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Sunday, October 08, 2006

S.Africa's Buthelezi warns against ethnic war

JOHANNESBURG (Reuters) - Mangosuthu Buthelezi, head of South Africa's largest black opposition party, has warned an ethnic war could be started by supporters of former deputy president Jacob Zuma complaining of an anti-Zulu conspiracy.

South African President Thabo Mbeki fired Zuma, a Zulu, last year after he was implicated in a corruption scandal, but the charges were thrown out of court last month.

His supporters say there has been a conspiracy to deny the presidency to Zuma, who was acquitted in May on separate charges of raping an
HIV-positive family friend.

Buthelezi was quoted by Sunday newspapers as warning Zuma's supporters against persistently alleging a conspiracy against Zulus "in the absence of evidence to support such an allegation."

"This is playing with fire because Africa is sick and tired of ethnic wars, as we can see in Darfur, Sudan. Bandying about this kind of allegation is most dangerous for us as a country and as one South African nation. It can start an ethnic conflict that we do not need," the Sunday Times quoted him as saying.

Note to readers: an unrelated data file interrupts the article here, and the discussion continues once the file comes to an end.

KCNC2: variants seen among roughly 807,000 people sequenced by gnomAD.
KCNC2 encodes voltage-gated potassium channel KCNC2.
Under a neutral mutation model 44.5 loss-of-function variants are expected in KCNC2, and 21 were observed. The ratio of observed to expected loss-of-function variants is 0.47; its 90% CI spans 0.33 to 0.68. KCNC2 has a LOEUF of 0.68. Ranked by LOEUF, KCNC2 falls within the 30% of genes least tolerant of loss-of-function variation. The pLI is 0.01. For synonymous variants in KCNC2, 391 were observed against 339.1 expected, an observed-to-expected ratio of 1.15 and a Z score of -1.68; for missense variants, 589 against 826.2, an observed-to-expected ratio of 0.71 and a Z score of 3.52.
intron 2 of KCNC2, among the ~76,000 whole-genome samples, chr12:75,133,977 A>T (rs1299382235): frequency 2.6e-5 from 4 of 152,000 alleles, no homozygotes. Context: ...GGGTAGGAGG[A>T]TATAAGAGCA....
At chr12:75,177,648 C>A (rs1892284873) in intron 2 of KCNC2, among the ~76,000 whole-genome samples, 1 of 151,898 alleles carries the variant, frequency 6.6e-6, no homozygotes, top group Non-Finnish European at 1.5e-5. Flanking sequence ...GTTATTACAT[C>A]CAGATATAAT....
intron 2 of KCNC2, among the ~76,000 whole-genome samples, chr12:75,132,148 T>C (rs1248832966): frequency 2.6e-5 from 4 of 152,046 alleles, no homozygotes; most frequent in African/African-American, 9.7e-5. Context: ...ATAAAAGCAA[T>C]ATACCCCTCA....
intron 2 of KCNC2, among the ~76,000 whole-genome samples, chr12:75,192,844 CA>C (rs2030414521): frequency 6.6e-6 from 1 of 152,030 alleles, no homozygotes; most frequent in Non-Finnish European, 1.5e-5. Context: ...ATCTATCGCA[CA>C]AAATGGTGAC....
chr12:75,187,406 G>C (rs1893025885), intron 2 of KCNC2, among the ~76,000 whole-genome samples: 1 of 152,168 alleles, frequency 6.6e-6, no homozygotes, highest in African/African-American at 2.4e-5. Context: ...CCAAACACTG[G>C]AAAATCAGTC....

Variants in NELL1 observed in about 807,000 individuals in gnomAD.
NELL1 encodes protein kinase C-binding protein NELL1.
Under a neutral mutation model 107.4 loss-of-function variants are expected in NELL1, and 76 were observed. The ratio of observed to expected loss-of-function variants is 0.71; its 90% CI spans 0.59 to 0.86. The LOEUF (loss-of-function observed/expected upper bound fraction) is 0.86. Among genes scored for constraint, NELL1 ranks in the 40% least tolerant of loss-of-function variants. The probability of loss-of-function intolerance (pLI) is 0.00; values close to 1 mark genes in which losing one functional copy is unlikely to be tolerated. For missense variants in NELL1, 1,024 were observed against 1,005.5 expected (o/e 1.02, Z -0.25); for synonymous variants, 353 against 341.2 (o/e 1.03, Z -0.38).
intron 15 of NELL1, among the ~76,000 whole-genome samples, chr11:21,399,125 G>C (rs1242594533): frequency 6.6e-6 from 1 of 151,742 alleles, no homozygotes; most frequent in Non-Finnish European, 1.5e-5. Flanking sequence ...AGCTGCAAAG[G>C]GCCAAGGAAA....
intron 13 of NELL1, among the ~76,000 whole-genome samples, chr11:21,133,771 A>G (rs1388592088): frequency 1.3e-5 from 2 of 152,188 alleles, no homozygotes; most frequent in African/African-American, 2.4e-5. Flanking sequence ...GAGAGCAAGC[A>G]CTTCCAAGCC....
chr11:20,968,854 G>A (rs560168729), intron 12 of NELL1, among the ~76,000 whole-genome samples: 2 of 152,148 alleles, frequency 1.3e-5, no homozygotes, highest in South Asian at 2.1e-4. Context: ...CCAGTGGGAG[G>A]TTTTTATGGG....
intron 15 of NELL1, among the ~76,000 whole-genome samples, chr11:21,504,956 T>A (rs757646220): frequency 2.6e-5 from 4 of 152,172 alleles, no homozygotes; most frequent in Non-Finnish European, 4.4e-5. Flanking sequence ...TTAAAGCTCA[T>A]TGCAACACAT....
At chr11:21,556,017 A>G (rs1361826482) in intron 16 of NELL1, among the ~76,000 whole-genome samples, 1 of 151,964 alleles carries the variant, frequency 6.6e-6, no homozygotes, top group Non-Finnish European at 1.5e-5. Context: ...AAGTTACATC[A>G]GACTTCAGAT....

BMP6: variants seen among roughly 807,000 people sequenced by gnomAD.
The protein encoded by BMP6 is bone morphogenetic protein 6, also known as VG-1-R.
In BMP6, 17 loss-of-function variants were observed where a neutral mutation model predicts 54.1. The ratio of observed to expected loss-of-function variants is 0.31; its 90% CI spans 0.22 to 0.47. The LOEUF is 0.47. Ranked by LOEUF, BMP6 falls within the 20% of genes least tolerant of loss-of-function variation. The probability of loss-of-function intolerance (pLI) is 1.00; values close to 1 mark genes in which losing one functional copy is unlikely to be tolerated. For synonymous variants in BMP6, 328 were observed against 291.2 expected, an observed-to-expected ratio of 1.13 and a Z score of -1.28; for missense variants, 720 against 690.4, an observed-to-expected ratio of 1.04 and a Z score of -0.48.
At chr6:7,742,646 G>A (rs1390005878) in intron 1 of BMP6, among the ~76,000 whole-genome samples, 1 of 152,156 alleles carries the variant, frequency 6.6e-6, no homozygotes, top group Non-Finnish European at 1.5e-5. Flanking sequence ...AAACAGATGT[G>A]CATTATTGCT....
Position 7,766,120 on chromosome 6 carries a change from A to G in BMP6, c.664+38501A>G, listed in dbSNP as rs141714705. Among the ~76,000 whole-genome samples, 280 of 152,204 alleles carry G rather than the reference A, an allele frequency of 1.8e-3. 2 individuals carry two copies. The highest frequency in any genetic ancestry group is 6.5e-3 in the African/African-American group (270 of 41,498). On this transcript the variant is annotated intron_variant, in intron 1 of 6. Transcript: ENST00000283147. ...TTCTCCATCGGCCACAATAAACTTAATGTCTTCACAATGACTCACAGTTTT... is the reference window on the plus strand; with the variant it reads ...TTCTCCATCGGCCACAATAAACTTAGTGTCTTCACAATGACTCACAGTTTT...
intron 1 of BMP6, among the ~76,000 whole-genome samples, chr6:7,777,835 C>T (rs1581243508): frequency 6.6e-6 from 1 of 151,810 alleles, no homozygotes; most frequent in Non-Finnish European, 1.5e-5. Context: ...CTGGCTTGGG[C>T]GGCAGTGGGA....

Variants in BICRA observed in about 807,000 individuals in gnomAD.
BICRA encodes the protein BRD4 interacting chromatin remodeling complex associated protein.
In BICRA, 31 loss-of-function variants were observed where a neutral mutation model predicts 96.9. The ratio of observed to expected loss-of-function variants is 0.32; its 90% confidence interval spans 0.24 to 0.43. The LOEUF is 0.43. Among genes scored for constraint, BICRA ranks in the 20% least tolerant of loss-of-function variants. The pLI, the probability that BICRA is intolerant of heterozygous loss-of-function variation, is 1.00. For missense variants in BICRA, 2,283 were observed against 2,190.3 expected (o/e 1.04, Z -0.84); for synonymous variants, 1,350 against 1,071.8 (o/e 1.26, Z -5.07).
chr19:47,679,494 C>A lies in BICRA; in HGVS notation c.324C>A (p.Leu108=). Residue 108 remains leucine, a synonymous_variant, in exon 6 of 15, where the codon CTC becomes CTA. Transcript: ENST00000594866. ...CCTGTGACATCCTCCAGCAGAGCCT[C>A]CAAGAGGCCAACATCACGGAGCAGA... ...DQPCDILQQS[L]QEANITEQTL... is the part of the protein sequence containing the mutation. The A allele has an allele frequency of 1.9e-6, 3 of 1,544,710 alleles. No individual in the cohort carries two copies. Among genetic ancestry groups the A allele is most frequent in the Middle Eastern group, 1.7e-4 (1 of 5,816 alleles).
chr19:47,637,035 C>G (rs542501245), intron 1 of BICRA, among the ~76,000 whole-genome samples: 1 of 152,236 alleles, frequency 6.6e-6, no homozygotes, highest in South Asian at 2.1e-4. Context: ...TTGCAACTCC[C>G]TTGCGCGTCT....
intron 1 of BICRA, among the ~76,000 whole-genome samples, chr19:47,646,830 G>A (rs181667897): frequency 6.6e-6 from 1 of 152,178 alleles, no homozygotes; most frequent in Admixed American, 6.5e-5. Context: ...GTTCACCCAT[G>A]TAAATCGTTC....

Buthelezi was quoted as making the comments on Saturday during the annual conference of his Inkatha Freedom Party.

The ruling African National Congress (ANC), which held a national executive meeting at the weekend, agreed with Buthelezi's sentiments.

"Definitely as the ANC we are concerned about any issue which seeks to invoke tribalism, ethnicity or even racism ... we know what such things do to many countries in the world," ANC spokesman Smuts Ngonyama said when asked about Buthelezi's comments.

Buthelezi's KwaZulu-Natal province was the scene of some of the worst political violence as South Africa struggled toward an end to white-minority rule in 1994, when President Nelson Mandela's ANC was voted into power in historic all-race elections.

Up to 20,000 people were killed in a vicious cycle of violence between Inkatha and the ANC. The security forces were seen as siding with and arming Buthelezi's party, according to findings by the country's Truth and Reconciliation Commission that probed human rights abuses by all sides under apartheid.
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